Al Gore, vice president to former President Bill Clinton from 1993 to 2001, will speak at the University of Michigan Spring Commencement May 2 at Michigan Stadium.
In 2000, Gore was the Democratic candidate for president and lost to Republican George W. Bush.
A University press release announcing his appearance emphasized Gore’s environmental work. In 2007, Gore was honored with the Nobel Peace Prize alongside the Intergovernmental Panel on Climate Change for highlighting climate issues.
“As vice president from 1993 to 2001, Gore helped negotiate the Kyoto Protocol that committed industrialized nations to reducing greenhouse gas emissions,” the press release reads. “He also championed science and technology.”
The 2006 film “An Inconvenient Truth” featured Gore and his effort to convince people about the urgency of climate change. It won an Academy Award for Best Documentary. Gore is also the author of several books on global warming and the controversial politics surrounding the issue.
Currently, Gore is the co-founder and chair of Generation Investment, an investment firm that emphasizes sustainability, and Climate Reality, which works to combat global warming.
He also serves on Apple Inc.’s board of directors and as a senior partner at venture capital firm Kleiner Perkins.
Prior to becoming Vice President, Gore served two terms in the Senate and four terms in the House of Representatives for Tennessee.
LSA senior Amanda Gross said she was excited to have Gore serve as the speaker, noting his environmental advocacy and political legacy.
“It’s incredible to have someone who has never been afraid to speak up about the realities of climate change and who has worked so hard to try to champion positive changes for not only our nation but the world,” Gross said.
LSA senior Yosef Gross, no relation to Amanda Gross, commented on Gore’s political legacy and the impact of his environmental policies on the upcoming election.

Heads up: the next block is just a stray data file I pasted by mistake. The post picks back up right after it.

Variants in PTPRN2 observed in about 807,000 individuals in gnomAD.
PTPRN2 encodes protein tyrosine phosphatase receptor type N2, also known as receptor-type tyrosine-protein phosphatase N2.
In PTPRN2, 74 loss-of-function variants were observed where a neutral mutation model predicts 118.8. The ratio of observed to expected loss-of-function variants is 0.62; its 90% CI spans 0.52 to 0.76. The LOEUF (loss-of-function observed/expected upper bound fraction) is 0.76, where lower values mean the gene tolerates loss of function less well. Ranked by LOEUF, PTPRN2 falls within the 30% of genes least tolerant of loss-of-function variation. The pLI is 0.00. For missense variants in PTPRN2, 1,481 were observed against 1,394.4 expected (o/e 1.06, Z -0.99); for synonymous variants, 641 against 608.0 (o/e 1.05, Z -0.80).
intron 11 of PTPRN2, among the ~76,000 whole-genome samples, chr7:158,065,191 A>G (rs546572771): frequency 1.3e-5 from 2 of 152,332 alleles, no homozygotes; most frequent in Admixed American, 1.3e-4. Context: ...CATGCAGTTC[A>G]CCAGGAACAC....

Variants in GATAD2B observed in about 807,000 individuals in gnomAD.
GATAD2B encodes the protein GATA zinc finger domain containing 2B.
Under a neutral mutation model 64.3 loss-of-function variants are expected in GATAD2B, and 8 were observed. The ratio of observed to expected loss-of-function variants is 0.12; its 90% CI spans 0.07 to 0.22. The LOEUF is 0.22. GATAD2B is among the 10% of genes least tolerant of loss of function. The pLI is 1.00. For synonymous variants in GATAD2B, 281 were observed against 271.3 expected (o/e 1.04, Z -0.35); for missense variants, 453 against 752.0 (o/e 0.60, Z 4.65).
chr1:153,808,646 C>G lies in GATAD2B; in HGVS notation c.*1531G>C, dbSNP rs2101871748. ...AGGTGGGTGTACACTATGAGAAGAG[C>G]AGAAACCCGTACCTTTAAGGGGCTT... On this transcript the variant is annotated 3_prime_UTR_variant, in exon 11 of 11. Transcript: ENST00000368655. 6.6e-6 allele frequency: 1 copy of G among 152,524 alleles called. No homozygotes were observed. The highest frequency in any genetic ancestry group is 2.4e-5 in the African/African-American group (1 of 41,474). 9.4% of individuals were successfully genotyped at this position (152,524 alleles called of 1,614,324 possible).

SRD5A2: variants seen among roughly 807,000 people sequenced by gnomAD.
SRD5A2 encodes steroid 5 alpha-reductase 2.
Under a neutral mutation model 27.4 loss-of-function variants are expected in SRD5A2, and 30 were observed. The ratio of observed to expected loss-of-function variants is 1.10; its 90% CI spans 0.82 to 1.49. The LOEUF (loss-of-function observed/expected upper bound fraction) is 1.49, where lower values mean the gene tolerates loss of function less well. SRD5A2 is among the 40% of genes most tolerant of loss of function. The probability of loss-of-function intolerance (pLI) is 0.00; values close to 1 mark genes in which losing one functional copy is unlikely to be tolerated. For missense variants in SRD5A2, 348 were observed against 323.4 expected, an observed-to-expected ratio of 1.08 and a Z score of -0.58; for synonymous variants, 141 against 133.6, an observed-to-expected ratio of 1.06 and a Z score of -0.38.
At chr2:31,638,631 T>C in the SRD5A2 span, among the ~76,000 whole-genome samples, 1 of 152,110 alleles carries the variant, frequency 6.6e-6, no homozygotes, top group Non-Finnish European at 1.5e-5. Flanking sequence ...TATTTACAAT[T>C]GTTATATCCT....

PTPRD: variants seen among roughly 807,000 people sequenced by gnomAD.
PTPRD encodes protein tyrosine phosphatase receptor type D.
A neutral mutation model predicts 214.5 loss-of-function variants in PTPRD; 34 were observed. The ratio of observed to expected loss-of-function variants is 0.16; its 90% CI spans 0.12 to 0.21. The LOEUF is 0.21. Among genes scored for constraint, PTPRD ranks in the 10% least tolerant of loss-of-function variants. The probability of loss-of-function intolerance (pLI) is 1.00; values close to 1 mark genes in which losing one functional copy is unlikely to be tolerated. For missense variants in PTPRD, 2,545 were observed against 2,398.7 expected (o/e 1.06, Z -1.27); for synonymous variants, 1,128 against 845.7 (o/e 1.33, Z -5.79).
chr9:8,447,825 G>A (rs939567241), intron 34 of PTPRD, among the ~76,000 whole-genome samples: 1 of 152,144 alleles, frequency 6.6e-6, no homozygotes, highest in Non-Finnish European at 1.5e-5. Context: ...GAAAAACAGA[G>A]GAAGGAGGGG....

“I think he has the potential to be a really good choice as the commencement speaker because his own political experience is so relevant to what’s happening this political cycle,” Gross said. “When I think about Gore conceding the presidency to Bush in 2000 to make sure that the country could move forward, even though he believed that the election had been stolen from him, I can’t help but notice the contrast with our current president, who I believe would never do the same.
Additionally, actress and playwright Dominique Morisseau, a University alum and Detroit native, will be the Rackham Graduate School speaker at its commencement on May 1 at Hill Auditorium.
Morisseau, a recipient of the MacArthur Foundation’s “genius grant,” has written numerous plays, including several about Detroit.
She has maintained close ties with the University, performing her 2017 play “Blood at the Root” at the University’s Arthur Miller Theatre.
Currently, Morisseau is a playwright in Signature Theatre’s Residency Five program in New York City.
“Morisseau is one of America’s most produced playwrights, acclaimed for her lyrical dialogue, emotionally complex characters and authentic portrayals of people and communities struggling with economic and social change,” the press release reads.
Daily News Editor Claire Hao can be reached at firstname.lastname@example.org.